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A modular protein of epic proportions!

Titin, sometimes known as connectin, is a giant muscle protein, about 30 thousand amino acids long. Its a long filamentous protein that spans half of the muscle sarcomere and has important roles in both muscle contraction and its elasticity. It plays a role in controlling chromosome shape in the cell nucleus. Titin is achored on the Z-disk and M-line in a muscle cell and exerts a passive force that keeps the sarcomere components aligned.

Titin is a modular protein, composed of approximately 300 fibronectin type III (FnIII) and immunoglobulin type (Ig) domains (see Immunoglobulin Superfamily). The FnIII domains are exclusively located in the A-band of the molecule and the Ig domains are found along the whole length of titin. The I-band contains PEVK domains (domains that are more than 70% proline, glutamic acid, valine or lysine) bracketed by Ig domains. Because of the high concentration of positively charged residues such as lysine and glutamic acid, the PEVK domain remains largely in a random coil state, while the Ig and FnIII domains form beta-sandwich folds. Normally, when the protein is stretched, the PEVK domain unfolds and elongates. Under extreme stress, the Ig domains will also begin to unfold.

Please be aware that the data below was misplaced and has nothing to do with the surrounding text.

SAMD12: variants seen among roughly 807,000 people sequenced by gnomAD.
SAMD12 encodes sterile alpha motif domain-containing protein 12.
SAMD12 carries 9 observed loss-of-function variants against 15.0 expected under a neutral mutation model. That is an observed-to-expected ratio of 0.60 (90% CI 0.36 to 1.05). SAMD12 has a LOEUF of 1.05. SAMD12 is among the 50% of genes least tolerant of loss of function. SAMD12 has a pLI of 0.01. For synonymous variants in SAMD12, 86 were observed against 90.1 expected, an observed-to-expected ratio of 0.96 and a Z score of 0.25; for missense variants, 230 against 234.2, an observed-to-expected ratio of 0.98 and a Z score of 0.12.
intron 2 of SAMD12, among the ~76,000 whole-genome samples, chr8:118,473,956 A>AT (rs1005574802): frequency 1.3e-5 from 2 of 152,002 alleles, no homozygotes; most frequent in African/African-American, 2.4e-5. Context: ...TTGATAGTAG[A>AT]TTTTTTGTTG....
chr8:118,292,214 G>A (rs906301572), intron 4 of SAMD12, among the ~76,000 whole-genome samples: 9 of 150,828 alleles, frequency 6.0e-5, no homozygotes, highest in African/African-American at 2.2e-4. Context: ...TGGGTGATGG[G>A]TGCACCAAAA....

Using single molecule techniques such as atomic force microscopy (AFM), it is believed that the FnIII and Ig domains can fold independently of each other. AFM on a single protein can be done by attaching a probe to one end of titin, and attaching the other end of titin to some solid substrate. As increasing force is applied to the molecule, the domains pop open individually, resulting in an oscillating force vs distance curve. Forces on the order of 100 picoNewtons must be exerted before unfodling begins to occur. This is higher than most proteins which do not have to deal with mechanical strain as part of their native function. Additionally, molecular dynamics simulations where the applied pulling force is included in the model, have tried to isolate key interactions that give the molecule its tensile strength and elasticity. The current ideas seem to suggest that weak interstrand hydrogen bonds contribute the bulk of strength to the Ig domains.

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